This paper reviews the implications of the holding of the U.S. District Court for the Eastern District of Tennessee in "United States v. Morris," which examined the justification for the prosecution to have an expert witness (a psychologist) to examine and testify about the victim's behavior following an alleged sexual assault, as well as the defendant's claim that he should be allowed to have a defense-recommended psychologist also examine the victim's mental state.
The court held that the psychologist who examined the victim may be allowed to testify as an expert concerning her clinical interview and testing of the victim; her diagnosis of post-traumatic stress disorder (PTSD); the characteristics and behavior of sexual abuse victims generally; and her expert opinion that the victim's PTSD is consistent with what would be expected of a victim following the trauma of sexual assault. The psychologist would also be permitted to testify to limited statements made by the victim that were relevant to the psychologist's opinion and diagnosis. The court concluded that this type of expert testimony is relevant to the victim's lack of consent and that its probative value is not substantially outweighed by the danger of unfair prejudice to the defendant. In addition, the court denied Morris' request to conduct his own independent psychological evaluation of the victim, because there was no compelling need for such a drastic measure. The court clarified that although the defendant's alleged need for the examination is an important factor to consider in exercising this discretion, the court must also consider the infringement on a witness' privacy, the opportunity for harassment of the witness, and the possibility that an examination will hamper law enforcement by deterring witnesses from coming forward. 4 notes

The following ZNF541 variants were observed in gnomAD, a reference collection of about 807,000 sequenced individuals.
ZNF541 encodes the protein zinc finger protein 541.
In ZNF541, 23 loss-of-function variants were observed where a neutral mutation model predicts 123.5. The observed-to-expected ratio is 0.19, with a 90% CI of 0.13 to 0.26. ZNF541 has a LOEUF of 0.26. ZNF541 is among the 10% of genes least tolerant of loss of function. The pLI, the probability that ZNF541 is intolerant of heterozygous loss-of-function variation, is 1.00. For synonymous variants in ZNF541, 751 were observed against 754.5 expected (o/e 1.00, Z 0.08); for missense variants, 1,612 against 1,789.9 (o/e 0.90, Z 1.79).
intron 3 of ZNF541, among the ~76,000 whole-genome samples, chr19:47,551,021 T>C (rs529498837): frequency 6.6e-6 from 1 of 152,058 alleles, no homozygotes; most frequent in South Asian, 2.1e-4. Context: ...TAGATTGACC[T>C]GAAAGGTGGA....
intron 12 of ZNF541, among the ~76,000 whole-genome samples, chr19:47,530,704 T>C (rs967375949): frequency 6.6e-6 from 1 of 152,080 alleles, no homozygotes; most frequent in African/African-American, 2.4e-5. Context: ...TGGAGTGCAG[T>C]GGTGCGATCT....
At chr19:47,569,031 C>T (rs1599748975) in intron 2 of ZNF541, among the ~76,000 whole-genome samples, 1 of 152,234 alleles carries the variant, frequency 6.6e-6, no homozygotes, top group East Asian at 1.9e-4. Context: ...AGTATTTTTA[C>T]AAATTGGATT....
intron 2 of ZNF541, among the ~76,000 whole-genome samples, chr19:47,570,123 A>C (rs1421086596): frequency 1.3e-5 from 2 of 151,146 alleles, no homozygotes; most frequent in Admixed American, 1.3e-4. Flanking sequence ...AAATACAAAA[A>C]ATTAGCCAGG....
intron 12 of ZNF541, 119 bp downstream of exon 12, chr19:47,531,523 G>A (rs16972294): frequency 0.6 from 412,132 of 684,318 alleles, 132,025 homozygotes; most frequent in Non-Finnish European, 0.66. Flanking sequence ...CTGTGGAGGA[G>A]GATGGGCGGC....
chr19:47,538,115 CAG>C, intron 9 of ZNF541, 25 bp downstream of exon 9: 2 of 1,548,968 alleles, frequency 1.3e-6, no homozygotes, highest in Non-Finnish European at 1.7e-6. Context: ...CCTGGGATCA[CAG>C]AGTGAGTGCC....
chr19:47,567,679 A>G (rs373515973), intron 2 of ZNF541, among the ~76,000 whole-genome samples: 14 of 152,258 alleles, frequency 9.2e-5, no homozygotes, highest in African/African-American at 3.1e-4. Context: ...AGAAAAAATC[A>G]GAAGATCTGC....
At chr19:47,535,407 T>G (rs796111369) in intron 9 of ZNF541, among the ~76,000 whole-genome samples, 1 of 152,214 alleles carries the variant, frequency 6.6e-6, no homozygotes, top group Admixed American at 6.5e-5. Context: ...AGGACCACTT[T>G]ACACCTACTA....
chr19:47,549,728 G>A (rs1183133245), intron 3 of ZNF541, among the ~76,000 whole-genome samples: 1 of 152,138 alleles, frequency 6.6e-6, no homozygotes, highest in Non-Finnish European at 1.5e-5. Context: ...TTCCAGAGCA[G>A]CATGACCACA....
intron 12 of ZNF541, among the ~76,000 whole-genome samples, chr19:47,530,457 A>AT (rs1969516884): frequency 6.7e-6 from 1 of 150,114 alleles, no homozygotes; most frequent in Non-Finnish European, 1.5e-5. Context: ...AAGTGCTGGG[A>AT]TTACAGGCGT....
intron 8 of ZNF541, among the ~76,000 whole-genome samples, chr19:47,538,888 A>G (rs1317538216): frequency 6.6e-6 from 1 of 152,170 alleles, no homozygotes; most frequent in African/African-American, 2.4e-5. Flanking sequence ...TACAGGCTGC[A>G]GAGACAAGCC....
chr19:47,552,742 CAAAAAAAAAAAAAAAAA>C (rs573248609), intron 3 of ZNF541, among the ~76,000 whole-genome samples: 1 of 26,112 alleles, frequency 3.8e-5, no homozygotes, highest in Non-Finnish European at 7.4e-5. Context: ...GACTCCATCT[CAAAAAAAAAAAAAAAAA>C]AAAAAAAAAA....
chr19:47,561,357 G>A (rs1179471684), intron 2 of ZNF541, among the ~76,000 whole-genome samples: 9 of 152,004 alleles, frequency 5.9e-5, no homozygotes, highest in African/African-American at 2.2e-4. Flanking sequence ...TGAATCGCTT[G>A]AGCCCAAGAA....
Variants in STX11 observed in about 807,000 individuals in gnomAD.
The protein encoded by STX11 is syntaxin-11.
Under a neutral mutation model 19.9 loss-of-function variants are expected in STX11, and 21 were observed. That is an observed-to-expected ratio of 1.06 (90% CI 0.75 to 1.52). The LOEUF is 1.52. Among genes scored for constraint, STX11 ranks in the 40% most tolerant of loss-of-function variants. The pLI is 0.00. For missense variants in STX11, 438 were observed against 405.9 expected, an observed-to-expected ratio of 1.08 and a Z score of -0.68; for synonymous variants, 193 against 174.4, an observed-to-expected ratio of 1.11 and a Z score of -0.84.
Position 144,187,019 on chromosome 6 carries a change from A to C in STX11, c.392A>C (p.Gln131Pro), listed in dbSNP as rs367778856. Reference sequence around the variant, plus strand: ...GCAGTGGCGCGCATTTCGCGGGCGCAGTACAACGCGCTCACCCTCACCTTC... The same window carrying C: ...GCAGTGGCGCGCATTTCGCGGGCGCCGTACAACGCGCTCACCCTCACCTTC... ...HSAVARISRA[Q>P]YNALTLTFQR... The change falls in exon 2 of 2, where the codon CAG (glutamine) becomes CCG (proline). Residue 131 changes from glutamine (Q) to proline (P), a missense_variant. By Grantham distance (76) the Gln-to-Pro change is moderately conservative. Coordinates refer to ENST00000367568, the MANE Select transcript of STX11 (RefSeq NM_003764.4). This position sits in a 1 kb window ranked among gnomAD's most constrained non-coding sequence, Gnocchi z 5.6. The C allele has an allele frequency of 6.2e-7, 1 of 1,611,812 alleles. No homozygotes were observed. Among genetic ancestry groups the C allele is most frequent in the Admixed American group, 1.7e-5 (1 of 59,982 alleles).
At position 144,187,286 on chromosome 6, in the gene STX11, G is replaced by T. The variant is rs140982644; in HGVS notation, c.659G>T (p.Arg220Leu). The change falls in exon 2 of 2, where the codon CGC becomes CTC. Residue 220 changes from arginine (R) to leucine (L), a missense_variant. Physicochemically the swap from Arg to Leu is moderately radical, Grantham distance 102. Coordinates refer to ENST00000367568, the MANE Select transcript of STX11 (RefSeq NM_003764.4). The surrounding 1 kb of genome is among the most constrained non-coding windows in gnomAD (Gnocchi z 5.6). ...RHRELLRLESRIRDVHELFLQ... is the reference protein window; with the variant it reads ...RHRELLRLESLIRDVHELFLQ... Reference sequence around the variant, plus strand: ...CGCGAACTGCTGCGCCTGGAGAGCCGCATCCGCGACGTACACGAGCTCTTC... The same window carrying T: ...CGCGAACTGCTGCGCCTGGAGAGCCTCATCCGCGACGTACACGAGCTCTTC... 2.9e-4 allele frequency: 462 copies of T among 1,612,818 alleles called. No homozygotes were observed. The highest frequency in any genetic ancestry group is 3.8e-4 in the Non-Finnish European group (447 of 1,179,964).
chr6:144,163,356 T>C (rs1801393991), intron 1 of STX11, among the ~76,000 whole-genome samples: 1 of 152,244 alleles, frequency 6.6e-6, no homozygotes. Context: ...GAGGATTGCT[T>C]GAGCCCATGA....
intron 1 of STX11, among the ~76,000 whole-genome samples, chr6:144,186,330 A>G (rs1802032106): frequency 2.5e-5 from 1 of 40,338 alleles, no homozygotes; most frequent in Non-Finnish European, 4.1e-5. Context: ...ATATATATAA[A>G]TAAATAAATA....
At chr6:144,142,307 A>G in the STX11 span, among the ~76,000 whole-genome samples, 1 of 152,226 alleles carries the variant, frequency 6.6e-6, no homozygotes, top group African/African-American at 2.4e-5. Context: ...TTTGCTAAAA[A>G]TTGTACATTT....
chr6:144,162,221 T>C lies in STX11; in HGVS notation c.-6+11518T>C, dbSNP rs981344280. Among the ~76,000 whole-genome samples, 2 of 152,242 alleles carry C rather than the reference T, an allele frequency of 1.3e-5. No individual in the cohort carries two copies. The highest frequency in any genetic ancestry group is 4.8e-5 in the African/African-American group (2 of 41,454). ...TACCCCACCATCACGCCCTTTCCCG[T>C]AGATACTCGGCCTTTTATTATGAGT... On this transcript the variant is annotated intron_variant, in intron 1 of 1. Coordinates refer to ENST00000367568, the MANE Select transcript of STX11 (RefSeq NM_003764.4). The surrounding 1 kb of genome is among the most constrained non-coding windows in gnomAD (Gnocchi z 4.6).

US Dept of Justice, Office on Violence Against Women
145 N. Street, NE, Washington, DC 20530, United States
1100 H. Street, Suite 310, Washington, DC 20005, United States
United States of America
Strategies in Brief, Issue 10, December 2011